It was a high-profile clash in the culture war raging across North America when a group of angry, intolerant protesters gathered to shout down a Drag Storytime event recently at the National Arts Centre.

They were confronted by a much bigger crowd of counter-protesters who rallied for “love” in downtown Ottawa and claimed an overwhelming victory for inclusivity.

As cheerful music reverberated, hundreds of supporters raised pride flags and banners, shielding families with children from the storytime opponents and allowing their safe entry into the venue. 

Capital Pride hosted Drag Storytime on Feb. 8 as part of its Winterlude programming. These family-oriented events cater to children and families, where storytellers — who just happen to be in drag — read books to children in libraries.

The NAC storytime featured drag performers China Doll and Cyril Cinder with music by Monkey Rock Music.

A year after the convoy occupation of downtown Ottawa, far-right hatred in Ottawa had left members of the local 2SLGBTQ+ community weary and angry. Drag storytimes across Ontario and elsewhere across Canada and the U.S. have been cancelled or disrupted in recent months because of threats against performers and the venues choosing to host them. 

‘Drag doesn’t sexualize children. It teaches them inclusivity. It teaches them empathy for people who look different from them, and that is something worth protecting.’

— Alexandra Nichols, counter-protester at the NAC’s Drag Storytime event

The alt-right group ‘Save Canada’ announced its plans on social media to shut down the event. Opponents of drag readings have argued they are dangerous and that costumed storytellers could “indoctrinate or sexualize” children.

Capital Pride announced in a statement ahead of the event that Drag Storytime would proceed and encouraged community members to show up with their support.

“We will not be intimidated,” the statement said. “Together we will make sure that love is louder than hate.”

Alexandra Nichols, an ally at the counter-protest, said prejudice hurts children, not drag queens.

Alexandra Nichols (right) showing her support for Drag Storytime on Feb. 8 outside the National Arts Centre. [Photo © Emily McGrath/Capital Current]

“Drag doesn’t sexualize children. It teaches them inclusivity,” she said. “It teaches them empathy for people who look different from them, and that is something worth protecting.”

Drag performers are not inherently transgender, but the false narrative that they all are has driven protests of drag events and defamed members of the 2SLGBTQ+ community as “indoctrinating children”.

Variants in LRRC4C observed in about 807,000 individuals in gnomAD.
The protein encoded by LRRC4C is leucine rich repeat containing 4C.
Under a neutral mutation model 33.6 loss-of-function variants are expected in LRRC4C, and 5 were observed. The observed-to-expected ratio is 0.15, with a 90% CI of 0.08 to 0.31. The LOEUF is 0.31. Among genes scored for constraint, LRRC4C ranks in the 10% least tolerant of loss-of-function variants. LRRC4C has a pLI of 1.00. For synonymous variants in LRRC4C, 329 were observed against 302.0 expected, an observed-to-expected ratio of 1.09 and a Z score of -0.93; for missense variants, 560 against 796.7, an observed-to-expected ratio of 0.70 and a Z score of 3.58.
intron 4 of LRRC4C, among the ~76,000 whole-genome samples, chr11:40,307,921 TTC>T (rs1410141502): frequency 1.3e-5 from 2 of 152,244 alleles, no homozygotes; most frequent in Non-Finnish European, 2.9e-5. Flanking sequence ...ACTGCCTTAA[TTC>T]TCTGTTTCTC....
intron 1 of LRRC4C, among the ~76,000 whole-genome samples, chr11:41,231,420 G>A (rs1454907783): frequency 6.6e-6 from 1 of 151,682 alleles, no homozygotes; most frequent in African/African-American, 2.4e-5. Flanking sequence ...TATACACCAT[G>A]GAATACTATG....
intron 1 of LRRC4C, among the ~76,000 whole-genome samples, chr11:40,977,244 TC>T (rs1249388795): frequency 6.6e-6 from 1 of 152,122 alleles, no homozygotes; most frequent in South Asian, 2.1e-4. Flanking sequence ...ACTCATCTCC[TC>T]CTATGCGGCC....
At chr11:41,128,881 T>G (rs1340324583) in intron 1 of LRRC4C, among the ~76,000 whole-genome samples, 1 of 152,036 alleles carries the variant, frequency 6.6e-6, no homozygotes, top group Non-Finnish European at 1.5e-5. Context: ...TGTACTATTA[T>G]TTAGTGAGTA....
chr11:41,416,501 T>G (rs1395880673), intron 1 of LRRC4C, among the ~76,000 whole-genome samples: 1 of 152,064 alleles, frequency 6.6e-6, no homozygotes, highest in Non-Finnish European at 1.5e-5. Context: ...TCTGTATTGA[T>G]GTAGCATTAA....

“I’m sure that in their minds they’re wanting to protect children, but from what?” Nicholas said of the protesters. “It’s coming from a place where they want everyone and everything to be the same. Diversity is our strength.”

Protesters were seen waving Canadian flags and quoting the Bible at counter-protesters through megaphones. Ottawa police confirmed four arrests, all released with no charges laid. 

“I think people are trying to create a problem that doesn’t exist,” said Bella Du Maurier, 2021 Capital Pride Drag Royalty and supporter of Drag Storytime. “It’s predominantly white men here who have decided to take their anger out on an innocent community.”

[Infographic © Emily McGrath/Capital Current]

For queer and racialized people like Du Maurier, the threat of violence is all too real.

Reports from 2019 show a 41 per cent increase in hate crimes targeting people for their sexual orientation in Canada.

Du Maurier said during the counter-protest that they believe the City of Ottawa could be doing more to protect members of the queer community. 

“People always say what’s happening in the States won’t happen here in Canada, but look around,” they said, gesturing to the protesters. “There are people right there who want to get rid of us.” 

After parents and children left the building after the event, performer Cyril Cinder addressed a crowd of cheering supporters in a powerful speech.

Drag is “an art form that has existed for centuries,” said Cinder. “Just like theatre, just like film, just like music. … Not all of it is appropriate for all ages, but Drag Storytime is for everyone!”

“This isn’t about preaching identity,” they added. “We don’t want straight kids to be queer. We don’t have the ability to make that happen! We just want queer kids to be safe.”

Cinder said they look forward to a future where the queer community could spend all of their energy celebrating instead of defending themselves.

“Let them (protesters) scream into the void if they want to,” Cinder said. “This is a win for our community. We showed them that our love is stronger and will always be stronger than hate.”